Paris Jones: I’ve been thinking about buying a home forever. Actually when I was raising my three children as a single mom I was trying to go back to school so I kind of put the home ownership on the back burner to go for my degree because I thought that would kind of be the better route I figured if I went and bought a home at that time I would have probably ended up in a dead-end job trying to pay for the house and you know so I kind of had to think that through.

Michael McNair: We in High Point have been working in multiple levels to help get more affordable housing in the community. We had a fair housing action plan and now a fair housing plan said that you have too much concentration of poverty in the core city. You need to diversify the incomes you need to attract younger families – households –  into the core.

PJ: I went on my journey with my Realtor. I did the whole bells and whistles looking at homes and oh my that was a process. I kind of had to understand how people want what they put into their home they kind of want it back and overprice it and things of that nature.

MM: So one of the things that we got we proposed to our council and they approved was for us to establish the Core City Homebuyer Incentive Program.

PJ: Money that does not have to be repaid that helps you get into the program you know go towards your down payment… So that in and of itself it’s just wonderful.

MM: Really, with the Core City program, it brought in a lot of Realtors that we had not worked with previously. So that’s been good – that’s been good for everybody. It kind of raises the issue of what we’re trying to accomplish.

Laura Taylor: If you’ve ever known anybody who’s lived out on the streets especially for a long period of time rest is just something that’s really elusive – you’re having to fight to get everywhere you’re having to fight to get services and basic needs that most of us take for granted.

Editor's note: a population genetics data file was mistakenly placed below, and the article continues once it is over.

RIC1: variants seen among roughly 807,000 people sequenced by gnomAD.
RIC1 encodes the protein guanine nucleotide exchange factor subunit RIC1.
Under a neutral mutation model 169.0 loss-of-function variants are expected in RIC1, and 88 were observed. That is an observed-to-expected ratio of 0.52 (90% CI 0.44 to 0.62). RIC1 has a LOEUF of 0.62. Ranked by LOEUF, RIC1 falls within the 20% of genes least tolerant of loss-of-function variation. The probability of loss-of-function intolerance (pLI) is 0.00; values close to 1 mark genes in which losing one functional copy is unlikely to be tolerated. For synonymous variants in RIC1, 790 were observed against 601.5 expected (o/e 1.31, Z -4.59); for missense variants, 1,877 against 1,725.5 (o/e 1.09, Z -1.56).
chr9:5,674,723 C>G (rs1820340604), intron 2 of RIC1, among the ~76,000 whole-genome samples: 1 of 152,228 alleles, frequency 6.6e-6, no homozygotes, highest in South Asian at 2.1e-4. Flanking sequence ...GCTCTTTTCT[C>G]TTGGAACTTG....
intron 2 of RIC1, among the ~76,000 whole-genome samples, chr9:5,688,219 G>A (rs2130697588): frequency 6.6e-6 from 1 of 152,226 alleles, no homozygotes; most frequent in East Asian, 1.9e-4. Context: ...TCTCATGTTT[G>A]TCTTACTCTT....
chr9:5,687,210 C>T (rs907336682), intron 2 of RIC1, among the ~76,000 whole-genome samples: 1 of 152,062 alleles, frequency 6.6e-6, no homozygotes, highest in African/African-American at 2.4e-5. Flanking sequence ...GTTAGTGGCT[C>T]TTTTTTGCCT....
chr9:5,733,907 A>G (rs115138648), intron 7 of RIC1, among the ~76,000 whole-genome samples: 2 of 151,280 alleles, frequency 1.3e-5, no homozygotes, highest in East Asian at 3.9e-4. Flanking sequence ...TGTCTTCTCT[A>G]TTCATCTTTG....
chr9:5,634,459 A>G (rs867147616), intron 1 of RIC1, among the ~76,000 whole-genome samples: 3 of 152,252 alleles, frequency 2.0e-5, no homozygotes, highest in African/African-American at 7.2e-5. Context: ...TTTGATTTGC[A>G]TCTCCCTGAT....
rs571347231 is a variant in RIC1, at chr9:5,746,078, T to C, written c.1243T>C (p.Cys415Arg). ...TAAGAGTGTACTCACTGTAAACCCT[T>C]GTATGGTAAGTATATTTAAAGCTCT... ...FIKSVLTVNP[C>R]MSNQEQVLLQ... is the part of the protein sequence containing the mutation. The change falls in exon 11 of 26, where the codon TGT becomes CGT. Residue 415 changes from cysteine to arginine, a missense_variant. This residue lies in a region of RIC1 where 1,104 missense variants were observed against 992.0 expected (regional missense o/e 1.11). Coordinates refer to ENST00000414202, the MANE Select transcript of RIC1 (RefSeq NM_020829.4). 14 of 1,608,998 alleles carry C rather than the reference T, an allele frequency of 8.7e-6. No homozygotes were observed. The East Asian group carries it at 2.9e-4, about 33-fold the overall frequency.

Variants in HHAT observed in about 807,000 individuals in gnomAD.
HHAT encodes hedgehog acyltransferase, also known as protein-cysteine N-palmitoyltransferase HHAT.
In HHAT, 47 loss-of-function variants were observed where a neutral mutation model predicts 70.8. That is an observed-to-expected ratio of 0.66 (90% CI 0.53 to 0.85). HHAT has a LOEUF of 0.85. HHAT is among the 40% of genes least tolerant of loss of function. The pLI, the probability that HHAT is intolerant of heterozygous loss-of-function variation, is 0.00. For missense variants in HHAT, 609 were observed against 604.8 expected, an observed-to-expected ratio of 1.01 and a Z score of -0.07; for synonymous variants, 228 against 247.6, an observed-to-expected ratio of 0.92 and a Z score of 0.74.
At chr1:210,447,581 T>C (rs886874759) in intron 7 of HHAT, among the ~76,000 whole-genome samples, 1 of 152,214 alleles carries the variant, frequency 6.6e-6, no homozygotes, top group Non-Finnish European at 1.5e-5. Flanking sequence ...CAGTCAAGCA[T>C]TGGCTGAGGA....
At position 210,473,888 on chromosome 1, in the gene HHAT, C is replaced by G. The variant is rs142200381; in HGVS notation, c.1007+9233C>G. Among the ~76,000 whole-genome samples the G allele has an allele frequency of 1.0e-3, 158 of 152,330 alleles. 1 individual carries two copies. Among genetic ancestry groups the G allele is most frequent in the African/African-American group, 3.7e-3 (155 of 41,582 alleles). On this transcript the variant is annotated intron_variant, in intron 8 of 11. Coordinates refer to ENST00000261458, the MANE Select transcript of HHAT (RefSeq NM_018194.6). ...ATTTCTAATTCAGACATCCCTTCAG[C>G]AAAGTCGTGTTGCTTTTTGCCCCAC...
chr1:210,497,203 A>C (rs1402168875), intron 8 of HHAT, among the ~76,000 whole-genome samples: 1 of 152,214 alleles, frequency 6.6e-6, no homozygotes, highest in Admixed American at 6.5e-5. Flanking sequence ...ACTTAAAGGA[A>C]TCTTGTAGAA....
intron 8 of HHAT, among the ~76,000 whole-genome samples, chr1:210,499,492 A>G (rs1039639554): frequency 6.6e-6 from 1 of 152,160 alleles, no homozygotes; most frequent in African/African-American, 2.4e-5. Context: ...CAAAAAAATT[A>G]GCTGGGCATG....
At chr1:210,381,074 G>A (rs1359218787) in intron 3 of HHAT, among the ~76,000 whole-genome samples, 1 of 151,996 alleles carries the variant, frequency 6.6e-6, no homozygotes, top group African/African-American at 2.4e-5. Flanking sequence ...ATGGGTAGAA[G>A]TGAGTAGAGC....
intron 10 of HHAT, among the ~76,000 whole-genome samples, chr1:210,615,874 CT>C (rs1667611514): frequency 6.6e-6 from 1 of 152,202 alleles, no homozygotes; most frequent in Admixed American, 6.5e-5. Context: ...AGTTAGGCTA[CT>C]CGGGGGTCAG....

So the committee’s purpose is to utilize the membership of the Realtors to advance affordable housing initiatives within the community and to leverage our voice as a group to have an impact.

And so the affordable housing committee has quite a few projects going on. It’s a very engaged very well-educated group of people.

Neely Neu: Through the Affordable Housing Committee I met a fellow Ryan McCullough who started a foundation called REACH.

And REACH is an acronym for “Real Estate Agents Combating Homelessness.”

So REACH is under the umbrella so to speak of Homeward Bound Western North Carolina and Homeward Bound is a nonprofit agency that works to put people who are chronically homeless – so living on the streets homeless for a year or more –  into permanent housing and not only do they get housing but they get support and because of that, eighty-nine percent of our participants stay in housing they don’t go back to homelessness.

Cindy Ward: We’re looking to build a partnership with container units and the beauty of the container units is that they’re green, they’re incredibly affordable, they’re modifiable, they’re stackable, they’ve got a lot of flexibility and they could satisfy this initiative on numerous fronts.

Being able to potentially turn those units out quickly and then also really kind of satisfying a much needed item for the area.

LT: We’re working with “Room in the Inn” which is a program that provides shelter for a week at a time.

Shelter, food, transportation to and from their day center where they get some other services provided and we’re actually hosting that again this year in our Association offices. We set up a cozy environment we’re hosting this at Christmas this year again which is kind of exciting it’s my favorite time of year so I get a little nerdy about it and we have a Christmas tree and we have garland strung and we – our sole purpose is to provide them a place to rest.